A pictorial tribute to our mountain hut heritage
An envelope arrived in yesterday’s mail. I don’t get much snail mail these days so, intrigued, I opened it.
Out slid a calendar. Now, I know printed calendars are artifacts of the time before we carried calendars in those flat, metal and plastic devices in our pockets, however this one was special. I could see that by looking at the cover as I held it in my hand.
It was special because it is themed on something that has been a presence in my life, something that has given me shelter from rain, wind, sleet and driven snow, something in which I have shared much conviviality with fellow travelers of the high plains and mountains. I’m talking about mountain huts. Specifically, I’m talking about Tasmanian mountain huts.
Flicking through the calendar I held my hand my mind flashed back over the years to Horse Camp hut in the Snowy Mountains where I realised the youth who wandered in, behaving sluggishly and disoriented, was suffering from hypothermia and insisted to his walk leader that he be put into his sleeping bag and brought back to normal body temperature immediately.
I flashed back to the little firewatchers hut on Tasmania’s South Coast range where Flora started suffering cramps and stomach upset and how we sat with her until she recovered enough to finish the descent. I flipped to memories of the fuggy warmth of winter huts with their slow combustion stoves and the distinctive aroma of drying bushwalkers’ socks. I pictured the welcome sight of a hut in the distance as we trudged those final kilometres at the end of a strenuous, tiring day in the mountains. Huts exist as much in the mind of those they shelter as they exist in physical reality.
Huts in memory
I have spent nights in some of those rudimentary bush huts in the calendar.
High Camp Hut, a small structure of stone high on the shoulder of Mt Anne, the highest peak in Tasmania’s South West wilderness, was built by the late Roy Davies and others from the Hobart Walking Club in the 1970s. Old Waterfall Valley Hut below the dolerite pinnacle of Barn Bluff accomodated me on a couple occasions walking the Overland Track, once as the last vestiges of the Tasmanian winter were fading, the last time when I made the multi-day walk solo and saw no one for days. Old Pelion Hut on those broad button grass plains in the centre of the Cradle Mountain-Lake St Clair National Park, an old miners’ hut so I understand, stands not far from New Pelion Hut, or new in the 1970s, anyway.
Narcissus Hut on the banks of the river of the same name at the northern end of Lake St Clair… it was here that I realised that next day, seven or so hours on the trail through the forest would deliver me to the trailhead. Despite visions of non-dehydrated food and a hot shower I was pulled back into the mountains by that contradictory feeling of looking forward to getting out and not wanting to leave. Narcissus… it sheltered our party that rainy Easter way back then when heavy rain and snow promised flooded creeks to cross and deep snow in the passes, and forced us to turn back.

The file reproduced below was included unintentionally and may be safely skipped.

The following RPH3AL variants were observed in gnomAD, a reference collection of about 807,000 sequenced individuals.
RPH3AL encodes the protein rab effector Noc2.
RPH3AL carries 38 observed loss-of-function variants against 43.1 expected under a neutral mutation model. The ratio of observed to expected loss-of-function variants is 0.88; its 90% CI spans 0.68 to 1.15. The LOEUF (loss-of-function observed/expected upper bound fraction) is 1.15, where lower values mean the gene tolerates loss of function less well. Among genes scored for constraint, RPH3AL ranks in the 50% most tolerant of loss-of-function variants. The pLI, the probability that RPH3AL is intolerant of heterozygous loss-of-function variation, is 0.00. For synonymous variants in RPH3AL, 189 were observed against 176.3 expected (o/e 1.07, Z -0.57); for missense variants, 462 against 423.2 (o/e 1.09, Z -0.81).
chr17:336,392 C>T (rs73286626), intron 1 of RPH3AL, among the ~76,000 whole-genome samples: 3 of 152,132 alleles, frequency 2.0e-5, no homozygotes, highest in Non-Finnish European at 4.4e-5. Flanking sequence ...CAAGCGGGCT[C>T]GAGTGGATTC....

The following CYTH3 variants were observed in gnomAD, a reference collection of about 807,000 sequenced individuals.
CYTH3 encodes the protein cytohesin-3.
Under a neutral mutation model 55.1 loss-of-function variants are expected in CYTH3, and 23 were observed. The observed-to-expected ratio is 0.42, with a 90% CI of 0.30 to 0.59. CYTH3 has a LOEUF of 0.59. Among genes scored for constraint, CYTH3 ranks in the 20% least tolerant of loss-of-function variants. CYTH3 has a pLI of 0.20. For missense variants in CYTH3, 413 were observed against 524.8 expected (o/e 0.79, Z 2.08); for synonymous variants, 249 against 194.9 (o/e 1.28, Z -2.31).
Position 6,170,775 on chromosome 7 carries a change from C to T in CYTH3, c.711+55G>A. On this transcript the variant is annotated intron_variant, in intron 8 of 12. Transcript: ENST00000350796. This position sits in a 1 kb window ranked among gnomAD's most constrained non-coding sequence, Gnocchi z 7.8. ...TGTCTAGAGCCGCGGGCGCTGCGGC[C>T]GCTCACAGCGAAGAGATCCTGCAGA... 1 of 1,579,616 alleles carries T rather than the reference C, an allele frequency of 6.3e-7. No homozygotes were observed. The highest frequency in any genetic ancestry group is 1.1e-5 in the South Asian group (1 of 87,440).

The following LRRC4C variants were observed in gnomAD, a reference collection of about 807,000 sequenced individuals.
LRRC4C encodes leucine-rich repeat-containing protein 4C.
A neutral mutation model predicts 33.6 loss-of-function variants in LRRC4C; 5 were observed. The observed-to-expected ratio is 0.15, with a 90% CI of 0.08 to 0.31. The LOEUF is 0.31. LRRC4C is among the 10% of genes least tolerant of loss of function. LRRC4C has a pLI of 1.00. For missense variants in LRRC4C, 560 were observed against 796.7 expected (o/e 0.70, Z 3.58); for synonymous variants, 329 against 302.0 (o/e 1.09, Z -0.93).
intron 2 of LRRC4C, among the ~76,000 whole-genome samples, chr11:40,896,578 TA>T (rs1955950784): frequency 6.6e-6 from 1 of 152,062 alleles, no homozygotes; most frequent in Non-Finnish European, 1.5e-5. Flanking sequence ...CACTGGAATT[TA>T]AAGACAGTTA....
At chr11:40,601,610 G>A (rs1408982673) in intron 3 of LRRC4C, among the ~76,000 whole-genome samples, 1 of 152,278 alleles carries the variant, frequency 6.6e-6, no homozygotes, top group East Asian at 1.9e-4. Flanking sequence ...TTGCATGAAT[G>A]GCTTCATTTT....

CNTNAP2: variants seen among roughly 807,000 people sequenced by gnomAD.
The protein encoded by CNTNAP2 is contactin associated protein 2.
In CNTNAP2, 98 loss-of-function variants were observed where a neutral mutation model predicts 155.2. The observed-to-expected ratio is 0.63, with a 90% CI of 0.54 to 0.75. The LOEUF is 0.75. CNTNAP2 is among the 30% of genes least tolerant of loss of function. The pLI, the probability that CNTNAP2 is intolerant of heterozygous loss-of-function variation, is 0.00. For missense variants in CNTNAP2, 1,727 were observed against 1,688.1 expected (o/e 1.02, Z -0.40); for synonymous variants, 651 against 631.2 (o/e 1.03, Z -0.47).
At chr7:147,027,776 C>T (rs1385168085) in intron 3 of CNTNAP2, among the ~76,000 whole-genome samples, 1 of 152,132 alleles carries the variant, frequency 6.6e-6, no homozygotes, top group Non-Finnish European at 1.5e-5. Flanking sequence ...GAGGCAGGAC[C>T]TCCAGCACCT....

A modest contribution
My contribution to the calendar is a photo of the FA Peterson Memorial Hut, a small A-frame structure above the treeline on K-Col that joins the Mt Field East massif to the more remote Mt Field West. I still recall that day I made the photo, decades ago now, a day of warm sun and clear skies. Looking for an interesting foreground behind which to situate the hut in the photo I found the remains of an old, low-growing tree, its branches bleached white by sun and wind and the passage of decades, and probably the victim of some past, forgotten bushfire there in the alpine zone.
Flicking through the calendar I saw that there are many Tasmanian mountain huts I have not been to. They are there, summer and winter, sunshine and snow. They await.
The 2019 calendar of the Mountain Hut Preservation Society is a full colour quality production with superb photos of the mountain hut heritage of Tasmania. Proceeds from the sale of calendars goes towards the work of the Society in maintaining Tasmania’s mountain huts.
The calendar features 12 full-colour photos of Tasmanian mountain huts and large, easy-to-read dates. It is $15 with postage free within Australia (yep, that’s only the equivalent of four cuppuccinos).
To purchase online, email Marg: firstname.lastname@example.org